Stress Levels-what’s the answer?

Arguably, stress levels in our society have never been as high as they are right now. 

And, while there has been a lot of upheaval in the last few years, there’s more to this than meets the eye. 

Depression and anxiety have never been higher, physical stress in the form of inflammation, auto-immune disease, heart disease and cortisol levels have never been higher. 

But this isn’t recent. They’ve been rising for decades.

And, while some stress is emotional or mental, and some physical, it’s all tied together, each part affecting the other.

How do we lower physical stress levels and inflammation?

How do we move to a more even-keeled mood, more able to calmly face the challenges life presents?

How do we become the most alert and competent we can be mentally, while at the same time being able to relax when we need or want to?

Enjoy a 3 minute Stress break HERE-


Before we dive into why stress is so high, we first need to define it.

We all have problems we run into, things we’re responsible for or need to take care of, or people depending on us.

We have upsets, losses in life, from losing people, failing to reach goals, and upsets with others or the conditions around us.

These are pressures from life of one sort or another.

We also have physical pressures.

We have to get up, move our bodies (whether we want to or not sometimes), be active, think and problem-solve.

We can experience low energy, brain fog, inability to sleep or lack of sleep, hunger, inflammation, soreness or exhaustion after a workout or strenuous day, pain or pain points, lessened strength, etc.

These are all daily points of pressure. We can call them stress, but they would be better defined as stress points.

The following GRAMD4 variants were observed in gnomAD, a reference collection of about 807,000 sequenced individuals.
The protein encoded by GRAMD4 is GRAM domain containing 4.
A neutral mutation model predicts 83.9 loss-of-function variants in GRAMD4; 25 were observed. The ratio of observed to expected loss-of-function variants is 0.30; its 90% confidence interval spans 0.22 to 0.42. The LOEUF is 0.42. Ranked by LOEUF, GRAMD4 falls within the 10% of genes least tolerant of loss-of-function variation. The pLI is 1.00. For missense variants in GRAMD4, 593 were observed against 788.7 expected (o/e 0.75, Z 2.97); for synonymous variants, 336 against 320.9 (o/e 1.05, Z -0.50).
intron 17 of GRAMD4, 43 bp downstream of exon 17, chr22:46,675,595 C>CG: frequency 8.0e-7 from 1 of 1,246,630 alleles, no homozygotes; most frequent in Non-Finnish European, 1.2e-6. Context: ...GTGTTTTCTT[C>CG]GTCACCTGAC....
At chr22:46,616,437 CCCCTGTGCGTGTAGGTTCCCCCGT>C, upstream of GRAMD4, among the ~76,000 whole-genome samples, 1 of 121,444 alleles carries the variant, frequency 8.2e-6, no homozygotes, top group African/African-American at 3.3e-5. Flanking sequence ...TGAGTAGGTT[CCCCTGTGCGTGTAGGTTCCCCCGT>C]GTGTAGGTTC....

Because when we think about “being stressed out” we’re not thinking about just normal everyday actions or problems, or individual points of pressure.

We’re thinking about how many there are. We’re thinking about all of them at once.

We’re thinking about feelings of overwhelm or “too much” to the point where it’s “hard to cope” or we “just can’t deal with it all.”

So for our definition, we’ll be talking about this latter point: so many stress points combined, to the point where it’s hard to cope or we just can’t cope.

Where it’s just too much.

But before we start getting stressed out thinking about what we’re stressed out about, take a deep breath and realize one thing: I wouldn’t be writing about this if I didn’t have some thing or things that can help reduce it, significantly.

Now, these stress points are tied together. They affect one another.

And they increase one another, making each point worse.

Here’s an example: Are we going through a break up? Or are we going through a break up and not sleeping and not eating?

Any breakup is stressful. But add in lack of sleep, or being hangry from lack of good food, and it can feel much worse and be harder to cope with.

Do we have trouble with our boss or do we have trouble with our boss and inflammation in our body, and lack of sleep so we can’t think as fast?

Each of these points alone may not be fun, but we can deal with them. But together, they double or triple the stress from each other point.

And, while maybe we can’t take away troubles with the boss, we can lower inflammation or improve sleep, or both, thus relieving some of the stress, and the boss becomes easier to deal with.

These are very simple examples, but it’s quite true.

We can’t take away all stress points — but we can take away many.

And the more we take away, the better we feel and the better we can deal with other stress points.

And you would be surprised at just how many stress points there are today compared to 5, 10, 20, 30 years ago.

And how many of them can be addressed to relieve overall stress levels so we’re more able to tackle the day.

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Enjoy the next segment-How Stressed Are We?  


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